Sierra Morning

While the world is grappling with the pandemic and is inundated in sorrow and suffering from bereavement, far beyond the storm clouds, rays of hope shine in the form of unity of humanity beyond boundaries of countries, race and religion. As the war of worlds emerges, human spirit, intellect, and ingenuity are our defenses. The wheels of the world might be slowing down, but we will never let them halt. As always, we will be victorious. Many thanks to our front-line forces… our medical and bio-research community working hard in the fight against COVID-19.

This situation temporarily prevents us from going to the mountains, but nothing can stop your wandering mind. While I can’t go out and take photographs, here I present my latest painting. This is a reproduction of my favorite painting (Sierra Morning) by one of my all-time favorite painters from the 19th century. It’s an interesting story on how I came cross this painting and how I found Albert Bierstadt.

About 16 months ago, one winter night, I planned to stay in my log-cabin and continue to work on the cabin next day. The only power source, a temporary electric power outlet installed on a pole, gave up on me that rainy night, forcing me to get out and find a shelter outside (hotel). In that hotel lobby, I found a cheap photo print of Sierra Morning (I didn’t know the title of the painting at that time). Despite the appearance of photo print with the glares all over from the cheap glass on the frame, I instantly realized what the original would look like. I took picture with my phone. There was no title of the painting nor the painter’s name on the print. I came home and searched online with the hope that such a talented artist and masterpiece would never be neglected by the world, and that I’d surely find them online. My only information was that one picture of the painting from my phone. With some struggle, purely based on subject, environment and intent that painting was trying to convey, I picked few paintings came up in the Google search. I didn’t see Sierra Morning among them. However, most of them happened to be painted by an American German painter of 19th century, Albert Bierstadt. I felt Sierra Morning must be his work. I was so inspired and started researching his work. Then I found, Sierra Morning at Gilcrease Museum (located in Oklahoma) website. For legal reasons, I may not be able to post the photograph of original here, but you can surely find it online with title and artist name. This is classic example of having a unique style in your art, that works as an invisible signature and identifies you automatically. It sets you apart from others and gives identity. Your work speaks for you. I had similar experience recently at La Sagrada Familia, Barcelona, Spain. I hope to talk about it sometime.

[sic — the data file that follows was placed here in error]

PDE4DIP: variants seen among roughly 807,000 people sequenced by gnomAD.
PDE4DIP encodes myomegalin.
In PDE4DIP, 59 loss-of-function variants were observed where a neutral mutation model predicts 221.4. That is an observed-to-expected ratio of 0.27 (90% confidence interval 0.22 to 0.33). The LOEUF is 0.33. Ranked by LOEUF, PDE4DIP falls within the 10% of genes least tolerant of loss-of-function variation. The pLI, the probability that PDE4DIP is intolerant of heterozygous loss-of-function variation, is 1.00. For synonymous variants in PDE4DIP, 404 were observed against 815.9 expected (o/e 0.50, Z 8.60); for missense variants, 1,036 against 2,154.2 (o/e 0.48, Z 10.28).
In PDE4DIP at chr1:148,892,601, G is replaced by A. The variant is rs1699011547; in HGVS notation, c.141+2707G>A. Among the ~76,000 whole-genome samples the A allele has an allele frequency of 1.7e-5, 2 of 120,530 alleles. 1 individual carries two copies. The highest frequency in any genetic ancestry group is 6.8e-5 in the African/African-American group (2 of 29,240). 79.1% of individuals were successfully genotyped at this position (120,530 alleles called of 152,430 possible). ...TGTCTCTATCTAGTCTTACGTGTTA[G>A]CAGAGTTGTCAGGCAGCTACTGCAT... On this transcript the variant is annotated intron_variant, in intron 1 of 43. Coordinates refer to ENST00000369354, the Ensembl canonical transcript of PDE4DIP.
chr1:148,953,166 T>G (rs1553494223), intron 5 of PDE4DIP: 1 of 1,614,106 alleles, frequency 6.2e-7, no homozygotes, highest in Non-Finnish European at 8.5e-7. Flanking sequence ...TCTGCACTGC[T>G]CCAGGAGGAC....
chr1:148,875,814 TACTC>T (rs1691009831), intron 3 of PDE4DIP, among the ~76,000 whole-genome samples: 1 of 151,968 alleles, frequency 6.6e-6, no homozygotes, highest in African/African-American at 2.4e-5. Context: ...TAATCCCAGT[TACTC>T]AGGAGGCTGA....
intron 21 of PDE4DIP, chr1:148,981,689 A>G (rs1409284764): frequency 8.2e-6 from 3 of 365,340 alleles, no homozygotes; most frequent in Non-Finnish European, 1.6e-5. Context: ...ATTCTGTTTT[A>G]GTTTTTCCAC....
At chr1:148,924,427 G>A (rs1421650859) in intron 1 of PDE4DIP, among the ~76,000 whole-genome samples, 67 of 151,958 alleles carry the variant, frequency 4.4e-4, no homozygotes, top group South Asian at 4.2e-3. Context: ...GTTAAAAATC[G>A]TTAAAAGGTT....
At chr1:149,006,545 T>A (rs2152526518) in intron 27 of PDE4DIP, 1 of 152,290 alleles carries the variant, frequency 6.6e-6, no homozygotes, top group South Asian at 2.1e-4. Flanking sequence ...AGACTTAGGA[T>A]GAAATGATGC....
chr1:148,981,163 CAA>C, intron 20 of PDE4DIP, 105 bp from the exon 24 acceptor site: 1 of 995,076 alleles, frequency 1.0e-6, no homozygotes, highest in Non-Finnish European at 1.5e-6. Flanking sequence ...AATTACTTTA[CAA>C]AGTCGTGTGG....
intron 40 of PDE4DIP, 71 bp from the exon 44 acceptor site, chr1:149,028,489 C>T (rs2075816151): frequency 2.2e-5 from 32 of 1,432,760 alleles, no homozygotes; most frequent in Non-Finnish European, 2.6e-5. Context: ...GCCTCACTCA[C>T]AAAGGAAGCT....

Ever since I saw that painting in that hotel, I wanted to paint it so that I can learn the techniques used. No way, I can imagine, getting any where close to the original… but I could learn immensely by trying it. When it comes to painting, I’m still learning to walk. Attempting to paint Sierra Morning is more than a marathon. This painting is my 4th attempt in last 16 months. After spending nearly 80 hours (48 on last one), I think, I have something presentable. I was able to capture some the elements in the painting that I wanted…like lighting and atmosphere to some extent . I obviously learned a ton from this experience.

Inspired by Albert Bierstadt painting “Sierra Morning” (3ft x2ft, Oil on Canvas)

After my first two attempts, I almost gave up on this. After I came back from Spain in December (2019), inspired by Spain old master of the painting (from Del Prado Museum in Madrid), I decided to give another try. Unlike my previous attempts, I wanted to do large format canvases. So I built an easel that can support 5 ft x 5 ft canvas.

When I started looking for large format canvases, I found that the ready made canvases have very flimsy frames. I was afraid that they won’t last longer. So I decided to build my own frames and stretch my own canvas.

It’s an easy process and gives you lot of control on customer aspect ratios of your painting and adding quality base on canvas etc.

Looking back at the work, I made several things on my own, including learning to paint, however, the essence of the painting or intellectual property (IP, as we call in our line of work) is the composition of the painting, which is not mine at all. So this work may always be called an attempt to reproduce Albert Bierstadt’s Sierra Morning…

Any information that you might want to know about any painting technique or building easel or canvas stretching, I’m happy to share information from this experience.

Stay home (I never thought I would ever say that) and Stay safe

2 thoughts on “Sierra Morning

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